Bulgarian Syngas Project Launches Construction

Karlovo Power Plant Will Turn Syngas Derived from Straw and Wood Wastes into Cleaner, More Reliable and Economic Electricity

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The 5-MW Karlovo plant in Bulgaria, pictured here under construction, will use three of GE’s Jenbacher engines to help the country achieve greater energy independence.

Bulgarian plans to use alternative fuels for generating sustainable electricity are now taking shape, following the start of construction of the Karlovo integrated gasified biomass power plant. When completed the plant will distribute cleaner electricity, using wood waste and straw, to some 2,000 homes.

The landmark biomass-to-energy plant powered by GE’s Jenbacher gas engine technology is being built near Stroevo, in Plovdiv province.

This plant is also being developed to reduce Bulgaria’s historic dependence on imported energy. The 5-megawatt (MW) Karlovo plant will use three of GE’s fuel-flexible Jenbacher engines—one J612 and two J620 units.

The engines will be powered by syngas derived from straw and wood chips. Such organic waste is normally difficult to gasify effectively, but tight integration of EQTEC Iberia’s biomass-gasification technology, coupled with GE’s gas engines is expected to provide high levels of emissions performance, efficiency and economy.

Scheduled for completion by the end of 2014, the plant is being built by EQTEC Iberia, part of Spanish holding company Ebioss Energy AD. It is the latest development in Ebioss’ strategy to apply its EQTEC Iberia throughout Europe to help countries reduce their dependence on foreign energy supplies and to increase the proportion of energy from renewable sources.

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The 5-MW Karlovo plant in Bulgaria will use EQTEC Iberia’s biomass-gasification technology with GE’s proven gas engines to provide high levels of emissions performance, efficiency and economy.

Bulgaria’s target is for 16 percent of its energy demand to be met by domestic renewable sources by 2020. Presently more than 70 percent of its energy is from imported natural gas and oil, according to Bulgaria’s published energy policy.

“Gasifying biomass for energy usage—in this case, straw and wood chips—requires special know-how, and our engineers and GE’s team worked as one team to integrate EQTEC Gasifier Technology and GE’s power generation technologies for improved performance and economics,” said Luis Sanchez CEO, EBIOSS, in a press announcement.

“The IBGPP plant we developed achieves a far higher electrical efficiency than the thermal technologies traditionally used in a plant of this size. For example, a typical Rankine thermal cycle-based plant offers an electrical efficiency of 18 to 20 percent from converting biomass to electricity compared to using GE’s Jenbacher gas engines that offer approximately 28 percent electrical efficiency and almost 70 percent total combined heat and power efficiency. This will enable us to deploy the IBGPP technology economically with GE elsewhere in Bulgaria and in other nations to help them enjoy greater energy independence and fuel diversity.”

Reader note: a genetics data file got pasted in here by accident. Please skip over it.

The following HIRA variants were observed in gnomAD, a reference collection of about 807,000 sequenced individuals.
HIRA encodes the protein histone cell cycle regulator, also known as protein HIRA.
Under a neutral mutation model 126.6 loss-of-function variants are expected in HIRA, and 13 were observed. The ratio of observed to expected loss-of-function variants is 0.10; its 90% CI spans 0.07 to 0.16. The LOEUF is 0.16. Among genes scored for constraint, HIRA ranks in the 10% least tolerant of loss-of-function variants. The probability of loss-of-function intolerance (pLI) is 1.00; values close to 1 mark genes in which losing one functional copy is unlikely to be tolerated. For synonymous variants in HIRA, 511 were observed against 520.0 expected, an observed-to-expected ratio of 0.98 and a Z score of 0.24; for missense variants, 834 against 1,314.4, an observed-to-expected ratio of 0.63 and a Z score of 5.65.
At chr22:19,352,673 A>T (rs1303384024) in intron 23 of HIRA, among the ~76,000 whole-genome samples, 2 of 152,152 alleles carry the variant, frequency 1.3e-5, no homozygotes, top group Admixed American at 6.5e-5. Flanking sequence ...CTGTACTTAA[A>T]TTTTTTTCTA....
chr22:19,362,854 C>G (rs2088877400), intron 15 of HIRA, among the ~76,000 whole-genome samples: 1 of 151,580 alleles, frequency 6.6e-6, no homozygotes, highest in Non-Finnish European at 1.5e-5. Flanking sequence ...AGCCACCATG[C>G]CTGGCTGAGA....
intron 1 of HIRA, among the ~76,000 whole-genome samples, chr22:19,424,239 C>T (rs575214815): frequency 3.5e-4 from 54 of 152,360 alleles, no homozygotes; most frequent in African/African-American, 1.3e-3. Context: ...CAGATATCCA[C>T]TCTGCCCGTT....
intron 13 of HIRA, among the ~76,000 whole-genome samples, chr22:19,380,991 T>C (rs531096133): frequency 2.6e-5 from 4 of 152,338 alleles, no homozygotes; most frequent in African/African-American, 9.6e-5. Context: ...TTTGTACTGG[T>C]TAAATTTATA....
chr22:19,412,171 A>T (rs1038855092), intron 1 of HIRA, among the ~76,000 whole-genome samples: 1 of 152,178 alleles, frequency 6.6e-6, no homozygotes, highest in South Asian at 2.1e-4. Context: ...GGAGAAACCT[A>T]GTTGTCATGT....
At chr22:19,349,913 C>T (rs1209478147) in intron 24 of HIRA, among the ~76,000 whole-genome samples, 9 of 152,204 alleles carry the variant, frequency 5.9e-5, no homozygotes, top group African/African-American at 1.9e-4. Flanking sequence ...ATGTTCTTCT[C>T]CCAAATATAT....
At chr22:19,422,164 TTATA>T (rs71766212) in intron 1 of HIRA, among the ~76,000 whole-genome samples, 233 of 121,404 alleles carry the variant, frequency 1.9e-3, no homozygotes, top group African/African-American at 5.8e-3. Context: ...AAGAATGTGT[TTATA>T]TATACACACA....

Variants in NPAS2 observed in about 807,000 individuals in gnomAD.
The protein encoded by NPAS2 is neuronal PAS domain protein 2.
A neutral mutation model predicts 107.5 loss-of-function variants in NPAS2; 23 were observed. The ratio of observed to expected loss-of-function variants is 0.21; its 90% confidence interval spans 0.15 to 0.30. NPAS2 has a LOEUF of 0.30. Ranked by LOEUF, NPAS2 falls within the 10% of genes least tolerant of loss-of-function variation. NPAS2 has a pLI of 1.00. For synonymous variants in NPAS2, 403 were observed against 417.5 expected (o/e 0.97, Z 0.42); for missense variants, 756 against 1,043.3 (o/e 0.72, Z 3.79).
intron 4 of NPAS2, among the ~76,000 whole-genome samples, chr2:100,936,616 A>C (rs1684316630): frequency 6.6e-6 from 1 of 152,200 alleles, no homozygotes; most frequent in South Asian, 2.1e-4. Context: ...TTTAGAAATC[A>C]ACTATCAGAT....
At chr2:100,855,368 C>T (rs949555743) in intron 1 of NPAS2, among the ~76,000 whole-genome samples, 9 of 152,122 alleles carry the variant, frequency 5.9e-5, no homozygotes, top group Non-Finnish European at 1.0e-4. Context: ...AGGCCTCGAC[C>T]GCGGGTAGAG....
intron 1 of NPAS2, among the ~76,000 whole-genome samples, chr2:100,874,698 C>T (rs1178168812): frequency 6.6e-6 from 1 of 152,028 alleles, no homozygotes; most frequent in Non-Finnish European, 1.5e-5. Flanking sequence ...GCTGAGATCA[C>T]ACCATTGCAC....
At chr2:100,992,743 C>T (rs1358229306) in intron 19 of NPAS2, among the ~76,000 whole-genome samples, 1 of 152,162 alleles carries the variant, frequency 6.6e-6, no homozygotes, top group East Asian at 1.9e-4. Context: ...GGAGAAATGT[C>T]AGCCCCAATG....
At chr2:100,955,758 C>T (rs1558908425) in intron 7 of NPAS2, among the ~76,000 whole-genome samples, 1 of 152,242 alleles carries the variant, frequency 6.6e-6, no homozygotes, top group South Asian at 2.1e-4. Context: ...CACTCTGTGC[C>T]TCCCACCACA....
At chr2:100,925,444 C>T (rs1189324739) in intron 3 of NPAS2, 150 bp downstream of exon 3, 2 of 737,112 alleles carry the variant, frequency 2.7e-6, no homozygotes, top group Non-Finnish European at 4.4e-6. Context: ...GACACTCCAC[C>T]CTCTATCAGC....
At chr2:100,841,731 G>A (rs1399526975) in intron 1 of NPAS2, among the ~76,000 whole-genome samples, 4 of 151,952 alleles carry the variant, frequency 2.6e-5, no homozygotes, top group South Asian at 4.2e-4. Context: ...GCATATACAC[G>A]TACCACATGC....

Syngas is attractive because it is a continually renewable fuel that enables power to be produced economically on-site at the point of use, reducing losses inherent in electrical transmission. It also helps to solve a waste-disposal problem by converting organic wastes into fuel. With the EQTEC Gasifier Technology, steam and hot water can be generated with no reduction in output power, so overall plant efficiency will be much higher when the plant is used for district heating or other cogeneration applications in addition to power production.

“Using syngas as a fuel is uncommon in such plants and represents an innovative solution to the energy challenges Bulgaria and many other nations face; however, it is challenging to develop an integrated gasification design that doesn’t produce syngas containing impurities that can foul engines. The selection of technologies to work together is important; and the Karlovo plant features EQTEC Gasifier Technology, which produces cleaner syngas,” said Leon van Vurren, global sales leader, Jenbacher gas engines for GE’s Distributed Power business. “At the same time, GE has a proven technology suited to this type of application—GE’s Jenbacher gas engine, which has fuel flexibility and robustness that make it known for its performance even with non-traditional fuel gases.”

GE’s Jenbacher J612 and J620 gas engines running on syngas from renewable biomass are part of GE’s ecomagination portfolio. To qualify for the ecomagination portfolio, products and services must demonstrate both improved economic value and environmental performance.Ecomagination is GE’s commitment to innovative solutions that maximize resources and efficiencies and make the world work better. Overall, GE’s Jenbacher gas engines product line has almost 100 units installed and operating on syngas from waste and biomass with an electrical output of about 100 MW.

Source: Business Wire

Images: GE News Center